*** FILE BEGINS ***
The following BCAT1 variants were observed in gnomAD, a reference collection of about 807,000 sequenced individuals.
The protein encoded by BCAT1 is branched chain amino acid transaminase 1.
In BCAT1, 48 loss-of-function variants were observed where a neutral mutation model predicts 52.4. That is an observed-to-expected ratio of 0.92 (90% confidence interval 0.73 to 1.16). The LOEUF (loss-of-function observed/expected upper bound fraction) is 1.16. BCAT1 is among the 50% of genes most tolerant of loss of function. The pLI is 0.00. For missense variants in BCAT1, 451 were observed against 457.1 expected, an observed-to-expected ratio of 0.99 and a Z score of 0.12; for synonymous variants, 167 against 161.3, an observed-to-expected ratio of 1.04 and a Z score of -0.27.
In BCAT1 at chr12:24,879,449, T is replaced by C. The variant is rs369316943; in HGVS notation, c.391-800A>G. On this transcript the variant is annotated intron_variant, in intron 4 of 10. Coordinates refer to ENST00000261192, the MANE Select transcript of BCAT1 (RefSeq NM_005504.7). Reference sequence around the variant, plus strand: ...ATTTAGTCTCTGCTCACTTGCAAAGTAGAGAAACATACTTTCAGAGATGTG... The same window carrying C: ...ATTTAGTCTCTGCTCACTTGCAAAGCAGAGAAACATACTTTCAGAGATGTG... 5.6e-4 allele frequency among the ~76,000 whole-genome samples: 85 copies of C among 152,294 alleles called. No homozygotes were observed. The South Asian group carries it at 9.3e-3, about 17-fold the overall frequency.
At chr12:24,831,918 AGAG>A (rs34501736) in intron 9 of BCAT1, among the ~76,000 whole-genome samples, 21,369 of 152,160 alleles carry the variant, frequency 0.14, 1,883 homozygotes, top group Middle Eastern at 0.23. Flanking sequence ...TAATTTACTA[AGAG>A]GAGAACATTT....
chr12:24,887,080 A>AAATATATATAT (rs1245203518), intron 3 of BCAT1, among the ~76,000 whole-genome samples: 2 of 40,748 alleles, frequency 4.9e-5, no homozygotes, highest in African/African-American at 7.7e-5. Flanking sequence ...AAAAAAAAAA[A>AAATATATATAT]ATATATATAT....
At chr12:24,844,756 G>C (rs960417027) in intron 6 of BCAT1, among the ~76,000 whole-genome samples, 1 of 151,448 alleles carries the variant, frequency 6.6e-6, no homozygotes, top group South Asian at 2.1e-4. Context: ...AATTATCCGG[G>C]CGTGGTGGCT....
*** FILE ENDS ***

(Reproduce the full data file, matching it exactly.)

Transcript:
The following BCAT1 variants were observed in gnomAD, a reference collection of about 807,000 sequenced individuals.
The protein encoded by BCAT1 is branched chain amino acid transaminase 1.
In BCAT1, 48 loss-of-function variants were observed where a neutral mutation model predicts 52.4. That is an observed-to-expected ratio of 0.92 (90% confidence interval 0.73 to 1.16). The LOEUF (loss-of-function observed/expected upper bound fraction) is 1.16. BCAT1 is among the 50% of genes most tolerant of loss of function. The pLI is 0.00. For missense variants in BCAT1, 451 were observed against 457.1 expected, an observed-to-expected ratio of 0.99 and a Z score of 0.12; for synonymous variants, 167 against 161.3, an observed-to-expected ratio of 1.04 and a Z score of -0.27.
In BCAT1 at chr12:24,879,449, T is replaced by C. The variant is rs369316943; in HGVS notation, c.391-800A>G. On this transcript the variant is annotated intron_variant, in intron 4 of 10. Coordinates refer to ENST00000261192, the MANE Select transcript of BCAT1 (RefSeq NM_005504.7). Reference sequence around the variant, plus strand: ...ATTTAGTCTCTGCTCACTTGCAAAGTAGAGAAACATACTTTCAGAGATGTG... The same window carrying C: ...ATTTAGTCTCTGCTCACTTGCAAAGCAGAGAAACATACTTTCAGAGATGTG... 5.6e-4 allele frequency among the ~76,000 whole-genome samples: 85 copies of C among 152,294 alleles called. No homozygotes were observed. The South Asian group carries it at 9.3e-3, about 17-fold the overall frequency.
At chr12:24,831,918 AGAG>A (rs34501736) in intron 9 of BCAT1, among the ~76,000 whole-genome samples, 21,369 of 152,160 alleles carry the variant, frequency 0.14, 1,883 homozygotes, top group Middle Eastern at 0.23. Flanking sequence ...TAATTTACTA[AGAG>A]GAGAACATTT....
chr12:24,887,080 A>AAATATATATAT (rs1245203518), intron 3 of BCAT1, among the ~76,000 whole-genome samples: 2 of 40,748 alleles, frequency 4.9e-5, no homozygotes, highest in African/African-American at 7.7e-5. Flanking sequence ...AAAAAAAAAA[A>AAATATATATAT]ATATATATAT....
At chr12:24,844,756 G>C (rs960417027) in intron 6 of BCAT1, among the ~76,000 whole-genome samples, 1 of 151,448 alleles carries the variant, frequency 6.6e-6, no homozygotes, top group South Asian at 2.1e-4. Context: ...AATTATCCGG[G>C]CGTGGTGGCT....